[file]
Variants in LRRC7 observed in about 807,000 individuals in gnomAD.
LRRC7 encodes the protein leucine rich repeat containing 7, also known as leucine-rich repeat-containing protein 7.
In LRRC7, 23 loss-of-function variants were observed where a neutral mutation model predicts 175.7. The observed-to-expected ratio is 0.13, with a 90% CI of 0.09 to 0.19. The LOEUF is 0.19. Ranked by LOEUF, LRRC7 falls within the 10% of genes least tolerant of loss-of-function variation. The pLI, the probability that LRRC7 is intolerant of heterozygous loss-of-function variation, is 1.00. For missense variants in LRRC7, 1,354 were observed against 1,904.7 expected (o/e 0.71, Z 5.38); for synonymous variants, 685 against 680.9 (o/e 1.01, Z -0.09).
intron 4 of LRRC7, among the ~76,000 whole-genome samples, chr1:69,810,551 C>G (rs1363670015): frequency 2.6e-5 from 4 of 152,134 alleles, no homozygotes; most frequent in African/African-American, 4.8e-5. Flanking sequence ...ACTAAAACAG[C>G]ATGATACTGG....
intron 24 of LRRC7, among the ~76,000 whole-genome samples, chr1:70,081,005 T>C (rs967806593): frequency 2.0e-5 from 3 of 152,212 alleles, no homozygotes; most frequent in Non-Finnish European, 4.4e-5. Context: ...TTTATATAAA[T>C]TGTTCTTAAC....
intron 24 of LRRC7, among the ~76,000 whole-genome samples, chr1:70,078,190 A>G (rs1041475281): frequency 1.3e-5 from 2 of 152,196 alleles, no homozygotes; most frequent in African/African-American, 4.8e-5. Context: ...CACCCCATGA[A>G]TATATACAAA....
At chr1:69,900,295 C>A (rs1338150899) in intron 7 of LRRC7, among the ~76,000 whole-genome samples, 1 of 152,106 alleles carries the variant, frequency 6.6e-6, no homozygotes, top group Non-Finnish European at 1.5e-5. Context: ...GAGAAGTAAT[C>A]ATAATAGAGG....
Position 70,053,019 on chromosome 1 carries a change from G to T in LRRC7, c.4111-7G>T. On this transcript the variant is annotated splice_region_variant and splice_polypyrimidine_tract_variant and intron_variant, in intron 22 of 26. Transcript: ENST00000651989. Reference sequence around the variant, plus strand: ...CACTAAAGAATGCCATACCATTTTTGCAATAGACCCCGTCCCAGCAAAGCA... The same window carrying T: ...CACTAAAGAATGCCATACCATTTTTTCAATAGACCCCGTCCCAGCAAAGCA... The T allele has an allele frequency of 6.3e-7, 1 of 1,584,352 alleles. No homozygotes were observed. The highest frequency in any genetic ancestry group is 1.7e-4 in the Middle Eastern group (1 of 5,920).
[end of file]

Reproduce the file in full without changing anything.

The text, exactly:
Variants in LRRC7 observed in about 807,000 individuals in gnomAD.
LRRC7 encodes the protein leucine rich repeat containing 7, also known as leucine-rich repeat-containing protein 7.
In LRRC7, 23 loss-of-function variants were observed where a neutral mutation model predicts 175.7. The observed-to-expected ratio is 0.13, with a 90% CI of 0.09 to 0.19. The LOEUF is 0.19. Ranked by LOEUF, LRRC7 falls within the 10% of genes least tolerant of loss-of-function variation. The pLI, the probability that LRRC7 is intolerant of heterozygous loss-of-function variation, is 1.00. For missense variants in LRRC7, 1,354 were observed against 1,904.7 expected (o/e 0.71, Z 5.38); for synonymous variants, 685 against 680.9 (o/e 1.01, Z -0.09).
intron 4 of LRRC7, among the ~76,000 whole-genome samples, chr1:69,810,551 C>G (rs1363670015): frequency 2.6e-5 from 4 of 152,134 alleles, no homozygotes; most frequent in African/African-American, 4.8e-5. Flanking sequence ...ACTAAAACAG[C>G]ATGATACTGG....
intron 24 of LRRC7, among the ~76,000 whole-genome samples, chr1:70,081,005 T>C (rs967806593): frequency 2.0e-5 from 3 of 152,212 alleles, no homozygotes; most frequent in Non-Finnish European, 4.4e-5. Context: ...TTTATATAAA[T>C]TGTTCTTAAC....
intron 24 of LRRC7, among the ~76,000 whole-genome samples, chr1:70,078,190 A>G (rs1041475281): frequency 1.3e-5 from 2 of 152,196 alleles, no homozygotes; most frequent in African/African-American, 4.8e-5. Context: ...CACCCCATGA[A>G]TATATACAAA....
At chr1:69,900,295 C>A (rs1338150899) in intron 7 of LRRC7, among the ~76,000 whole-genome samples, 1 of 152,106 alleles carries the variant, frequency 6.6e-6, no homozygotes, top group Non-Finnish European at 1.5e-5. Context: ...GAGAAGTAAT[C>A]ATAATAGAGG....
Position 70,053,019 on chromosome 1 carries a change from G to T in LRRC7, c.4111-7G>T. On this transcript the variant is annotated splice_region_variant and splice_polypyrimidine_tract_variant and intron_variant, in intron 22 of 26. Transcript: ENST00000651989. Reference sequence around the variant, plus strand: ...CACTAAAGAATGCCATACCATTTTTGCAATAGACCCCGTCCCAGCAAAGCA... The same window carrying T: ...CACTAAAGAATGCCATACCATTTTTTCAATAGACCCCGTCCCAGCAAAGCA... The T allele has an allele frequency of 6.3e-7, 1 of 1,584,352 alleles. No homozygotes were observed. The highest frequency in any genetic ancestry group is 1.7e-4 in the Middle Eastern group (1 of 5,920).